The city of Chicago is quickly cementing its reputation as a tech powerhouse in both the United States and throughout the world -- but like many other cities, there is still work to be done when it comes to building a diverse and inclusive workforce. In this post, guest author Linda Darragh, the Larry Levy Executive Director of the Kellogg Innovation & Entrepreneurship Initiative, shares her insights on how we can collectively create, support, and foster a pipeline of diverse and inclusive talent.
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Guest Author: Linda Darragh, Professor, Kellogg School of Management at Northwestern University
Chicago has come a long way in becoming a leading tech hub. Now, our community must meet another challenge: building a pipeline of diverse and inclusive talent for the future.
There are some commendable changes happening at the MBA level. After years, of women representing only a third of students at MBA schools, women students at Northwestern University’s Kellogg School of Management will account for 46 percent this year. Many of these women are coming out of the tech sector to start their own tech-enabled firms.
While this is an important step, we need to recognize that the pipeline starts earlier. The more children from diverse ethnic, gender, and socioeconomic backgrounds who are exposed to technology and entrepreneurship, the more our talent pipeline will grow for the future.
I spoke with a woman recently who started her career years ago in what was then called “IT services.” Her entrée to the field was a computer science class she was required to take in college as part of her major. To her surprise, she fell in love with computer science and pursued it with passion. Before taking that class, though, she never saw technology as part of her future; but that initial exposure changed her life. It’s easy to imagine the same thing happening among primary, secondary, and post-secondary students as they experience technology first-hand.
Strides are already being taken in this direction. The City of Chicago has made coding a part of the high school curriculum. Startups and nonprofits are taking the mission a step further to reach youth in neighborhoods across the city and surrounding areas. Future Founders, another 1871 Momentum winner, offers age- and stage-appropriate entrepreneurship programs for youth, from elementary school through college, connecting them with mentors and helping them build skills. Its focus is to help youth create employment opportunities for themselves, putting them in charge of their own future. For younger children, startups such as Codeverse teaches the basics of coding and programming.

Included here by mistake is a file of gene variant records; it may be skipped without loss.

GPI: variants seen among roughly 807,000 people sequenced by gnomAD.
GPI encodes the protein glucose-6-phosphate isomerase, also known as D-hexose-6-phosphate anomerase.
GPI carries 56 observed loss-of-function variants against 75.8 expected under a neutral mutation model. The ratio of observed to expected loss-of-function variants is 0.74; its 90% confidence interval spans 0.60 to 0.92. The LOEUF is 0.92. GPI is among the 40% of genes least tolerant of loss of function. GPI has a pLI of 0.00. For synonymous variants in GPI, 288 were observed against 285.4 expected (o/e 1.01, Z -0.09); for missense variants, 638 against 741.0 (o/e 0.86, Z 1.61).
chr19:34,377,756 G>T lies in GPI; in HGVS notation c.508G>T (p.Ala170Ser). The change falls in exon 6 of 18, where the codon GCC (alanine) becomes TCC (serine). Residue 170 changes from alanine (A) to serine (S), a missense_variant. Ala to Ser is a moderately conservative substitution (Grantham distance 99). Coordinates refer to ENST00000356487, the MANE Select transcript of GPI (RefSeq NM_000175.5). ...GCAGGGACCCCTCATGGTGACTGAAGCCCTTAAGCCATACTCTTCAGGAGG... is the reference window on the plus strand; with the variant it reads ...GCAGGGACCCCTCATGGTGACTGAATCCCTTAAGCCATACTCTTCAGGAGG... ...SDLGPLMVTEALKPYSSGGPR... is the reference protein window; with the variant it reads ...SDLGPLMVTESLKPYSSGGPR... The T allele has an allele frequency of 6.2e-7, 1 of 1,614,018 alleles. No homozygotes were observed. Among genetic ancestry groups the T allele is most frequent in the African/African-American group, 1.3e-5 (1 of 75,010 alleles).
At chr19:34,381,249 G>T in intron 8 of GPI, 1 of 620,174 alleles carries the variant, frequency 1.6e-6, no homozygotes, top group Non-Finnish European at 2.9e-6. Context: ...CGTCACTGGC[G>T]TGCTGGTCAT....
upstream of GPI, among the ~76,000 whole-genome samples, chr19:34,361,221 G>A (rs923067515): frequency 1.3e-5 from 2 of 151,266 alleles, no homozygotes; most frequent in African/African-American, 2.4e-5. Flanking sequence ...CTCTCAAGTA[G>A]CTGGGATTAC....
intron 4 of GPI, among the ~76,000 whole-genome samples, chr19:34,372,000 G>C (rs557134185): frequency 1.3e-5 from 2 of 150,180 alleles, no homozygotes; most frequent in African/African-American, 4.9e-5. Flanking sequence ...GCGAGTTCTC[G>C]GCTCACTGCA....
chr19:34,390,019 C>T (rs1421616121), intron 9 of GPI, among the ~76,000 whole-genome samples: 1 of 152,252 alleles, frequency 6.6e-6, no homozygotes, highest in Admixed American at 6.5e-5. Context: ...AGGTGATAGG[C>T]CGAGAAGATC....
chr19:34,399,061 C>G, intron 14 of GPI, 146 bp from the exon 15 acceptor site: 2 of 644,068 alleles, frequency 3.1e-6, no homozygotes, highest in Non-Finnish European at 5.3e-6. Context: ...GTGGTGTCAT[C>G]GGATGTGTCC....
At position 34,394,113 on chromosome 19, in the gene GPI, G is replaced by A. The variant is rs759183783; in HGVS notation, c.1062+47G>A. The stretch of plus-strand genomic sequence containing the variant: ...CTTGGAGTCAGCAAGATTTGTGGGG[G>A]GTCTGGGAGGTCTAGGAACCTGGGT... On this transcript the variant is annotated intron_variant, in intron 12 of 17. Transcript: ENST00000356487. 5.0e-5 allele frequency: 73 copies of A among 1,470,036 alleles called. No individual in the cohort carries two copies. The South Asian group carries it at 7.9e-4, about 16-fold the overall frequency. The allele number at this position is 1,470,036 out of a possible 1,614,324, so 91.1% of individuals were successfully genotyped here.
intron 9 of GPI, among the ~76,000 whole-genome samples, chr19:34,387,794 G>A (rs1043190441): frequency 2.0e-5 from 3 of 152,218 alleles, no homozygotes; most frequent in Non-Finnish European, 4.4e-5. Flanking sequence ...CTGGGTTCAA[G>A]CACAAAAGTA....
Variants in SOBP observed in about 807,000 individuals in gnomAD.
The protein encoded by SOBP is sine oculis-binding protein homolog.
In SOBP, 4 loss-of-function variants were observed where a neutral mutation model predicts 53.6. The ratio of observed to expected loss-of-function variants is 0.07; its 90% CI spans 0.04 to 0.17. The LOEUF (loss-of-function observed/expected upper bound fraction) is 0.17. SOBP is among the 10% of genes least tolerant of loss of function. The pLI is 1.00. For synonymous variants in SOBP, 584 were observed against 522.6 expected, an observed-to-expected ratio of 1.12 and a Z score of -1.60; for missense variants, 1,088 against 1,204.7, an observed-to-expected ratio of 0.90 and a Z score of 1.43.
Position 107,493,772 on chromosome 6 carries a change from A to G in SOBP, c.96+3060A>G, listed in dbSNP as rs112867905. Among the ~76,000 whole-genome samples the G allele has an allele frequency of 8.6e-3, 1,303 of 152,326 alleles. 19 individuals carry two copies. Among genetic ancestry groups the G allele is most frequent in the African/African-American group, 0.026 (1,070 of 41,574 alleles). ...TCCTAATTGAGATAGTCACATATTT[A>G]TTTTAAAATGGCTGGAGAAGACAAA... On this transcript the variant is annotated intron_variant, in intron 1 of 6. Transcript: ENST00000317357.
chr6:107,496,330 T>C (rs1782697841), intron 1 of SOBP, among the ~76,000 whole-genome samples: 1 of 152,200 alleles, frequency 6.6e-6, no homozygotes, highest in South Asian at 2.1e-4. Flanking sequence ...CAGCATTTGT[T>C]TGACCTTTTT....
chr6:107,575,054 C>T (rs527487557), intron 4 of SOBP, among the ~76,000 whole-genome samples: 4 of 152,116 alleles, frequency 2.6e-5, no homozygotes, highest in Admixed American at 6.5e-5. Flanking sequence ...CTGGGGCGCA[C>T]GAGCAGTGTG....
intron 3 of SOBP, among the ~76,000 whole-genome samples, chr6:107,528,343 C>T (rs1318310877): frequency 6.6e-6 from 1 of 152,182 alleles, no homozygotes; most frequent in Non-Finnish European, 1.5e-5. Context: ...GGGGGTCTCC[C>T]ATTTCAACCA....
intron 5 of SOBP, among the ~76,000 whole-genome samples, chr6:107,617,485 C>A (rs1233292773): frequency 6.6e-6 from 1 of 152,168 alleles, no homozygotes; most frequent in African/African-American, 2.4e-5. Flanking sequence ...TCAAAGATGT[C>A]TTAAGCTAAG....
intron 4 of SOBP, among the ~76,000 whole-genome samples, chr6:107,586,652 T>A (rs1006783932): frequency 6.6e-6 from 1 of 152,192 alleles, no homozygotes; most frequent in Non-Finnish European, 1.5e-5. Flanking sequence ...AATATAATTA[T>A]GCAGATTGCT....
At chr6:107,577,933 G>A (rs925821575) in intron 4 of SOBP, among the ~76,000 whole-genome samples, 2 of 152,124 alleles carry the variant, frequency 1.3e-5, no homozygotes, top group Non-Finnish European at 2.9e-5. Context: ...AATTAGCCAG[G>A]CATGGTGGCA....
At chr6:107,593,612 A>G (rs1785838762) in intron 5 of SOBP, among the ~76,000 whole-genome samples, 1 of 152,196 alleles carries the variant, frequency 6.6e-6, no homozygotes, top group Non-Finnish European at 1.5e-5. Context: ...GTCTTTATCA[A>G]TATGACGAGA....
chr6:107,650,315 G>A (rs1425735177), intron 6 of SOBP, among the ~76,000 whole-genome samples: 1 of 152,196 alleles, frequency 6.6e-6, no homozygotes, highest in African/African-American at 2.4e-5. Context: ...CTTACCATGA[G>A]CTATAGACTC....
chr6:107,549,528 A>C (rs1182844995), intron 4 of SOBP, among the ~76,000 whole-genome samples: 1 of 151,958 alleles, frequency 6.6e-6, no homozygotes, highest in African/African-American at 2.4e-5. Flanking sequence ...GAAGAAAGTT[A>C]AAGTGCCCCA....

Education, of course, is key. But so is interaction with entrepreneurs who are willing to share the stories of their own journeys. In this way, each of us can be a key part of pipeline development, by helping others see what is possible for them.
There are many ways each of us can become involved. Nonprofits and other organizations need mentors, guest speakers, board members, and advisors. Such hands-on involvement “pays it forward” to create opportunities for others.
While we look to the future, we also need to be more cognizant of the statement we’re making about our present situation. Every startup, venture capital firm, and advisory board should look at who’s at the table. Who is involved in making funding decisions? Who is on the panel at industry events? Unless we are more diverse and inclusive, we will further the perception that the tech sector and startups are insular. It’s well known that venture capital has been heavily male dominated and only 2% of venture capital dollars last year went toward women-founded startups.
If we want to make our community diverse, if we want to explore new ideas and serve underrepresented consumers, we need to be more deliberate in how we represent ourselves. Then, with awareness and intention, Chicago can really stand out for not only having a vibrant startup community, but one that is diverse and inclusive.
The opinions expressed here by 1871 guest writers are their own, not those of 1871.